Task: Improve my relationship, and save money
S – Specific/Significant
I will spend (X) amount of meaningful hours per day with my loved ones at any cost. During this time, we will do these things: exercise, play, chat and discuss our financial goals with the intention of saving an amount of money monthly going forward.
M – Measurable/Motivating
At the end of 3, 6, 12 months we should be visibly healthier, happier, understand each other better and have more money at our disposal.
A – Achievable/Agreed
We have agreed to readjust our lives to make this happen. We have the time, we are physically able and we have income.
R – Relevant/Realistic
In order to have a happy marriage and achieve our goals, we will be united, live peaceably, have the right attitude when dealing with challenges and the unexpected.
T – Time Bound
By the end of the year (or two), we will be in a confident and better position overall, in all aspects of our relationship
The above can be further broken down but you get the gist. You can see that a framework makes this goal quite possible once we manage it and are accountable to its success.
Successful Goal-Setting – Taking Action, Sticking to the Plan
OK, let’s see what happens when we don’t follow the plan – Stepping into the future.
2 years from now, an unexpected crisis occurs. Where are we now in our plan? Have we kept our focus by taking consistent action, or has “life happened?”
“Life happened” is not an excuse. Being properly prepared for this situation would cause us to respond accordingly. Ideally, we should have been following the plan and hence already prepared for this adversity.
Somewhere along the way, our SMART goals became STUPID. A goal with no support system or accountability. We allowed the thorns and weeds of life to stunt our plan without taking proper care.
Here is where we miss an opportunity to succeed and why some fail to achieve goals. Each goal needs a support system (accountability), incorporating (a) right attitude/mindset and (b) action.
It is OK to have a brilliant and well-documented plan which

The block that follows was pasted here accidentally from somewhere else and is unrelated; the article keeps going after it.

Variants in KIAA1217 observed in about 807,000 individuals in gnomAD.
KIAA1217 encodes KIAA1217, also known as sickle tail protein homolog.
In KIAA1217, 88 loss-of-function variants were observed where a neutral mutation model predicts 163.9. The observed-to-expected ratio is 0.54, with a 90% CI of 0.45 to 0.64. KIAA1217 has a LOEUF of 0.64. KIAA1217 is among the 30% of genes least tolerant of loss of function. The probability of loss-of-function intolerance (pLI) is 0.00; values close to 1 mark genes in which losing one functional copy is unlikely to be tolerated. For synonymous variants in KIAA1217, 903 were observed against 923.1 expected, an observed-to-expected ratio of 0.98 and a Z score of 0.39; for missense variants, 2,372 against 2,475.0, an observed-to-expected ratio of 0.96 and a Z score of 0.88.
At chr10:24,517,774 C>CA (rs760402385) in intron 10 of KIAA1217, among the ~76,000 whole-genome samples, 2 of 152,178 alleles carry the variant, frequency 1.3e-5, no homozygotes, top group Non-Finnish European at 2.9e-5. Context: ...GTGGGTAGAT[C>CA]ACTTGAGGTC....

- looks good on paper
- is filled with all the goodies from our S.M.A.R.T training
But unless we have the right attitude (committed to success and take action), we end up back at square one. We all fail when we don’t stick to the plan and without this, our reaction to adversity will be unpredictable and chaotic.
Now we see that we can cheat ourselves out of success from the outset, by not having the right attitude. Success is the end result of setting SMART goals and making them happen.
This is my definition of success.
Success is a process of documented steps that are followed with determination and action. They are based on principles and not personal values, or emotions.
- First, we considered the difference between a resolution and goal
- We were reminded that we should use S.M.A.R.T in setting goals.
- We looked at its definition and application with the help of a scenario
- We learned why we can still fail despite setting SMART goals, i.e. by not taking consistent action and being accountable
Make sure your goals correspond with your life’s purpose. That will make your goals easier to achieve. Goals that fall outside of your gifts, talents and natural “calling,” will most likely result in failure.
A flourishing life depends on whether you set and accomplish goals. The bigger your aspirations the more detailed planning will have to be undertaken, and the more likely your success will be. Imagine using this approach in our marriages, professions, roles, and responsibilities. So, do you want to be a better leader, boss, husband, wife, pastor, human? Then why not set some goals and follow through with a plan to achieve them.
Finally, be proactive. This can produce a stronger result as we plan our goals. Being proactive will prepare us for any resistance to our list of goals. It’s acting in anticipation of future problems, requirements or changes. It’s planning for the worse and
Please tell us what you think in the comments below. We want to hear from you!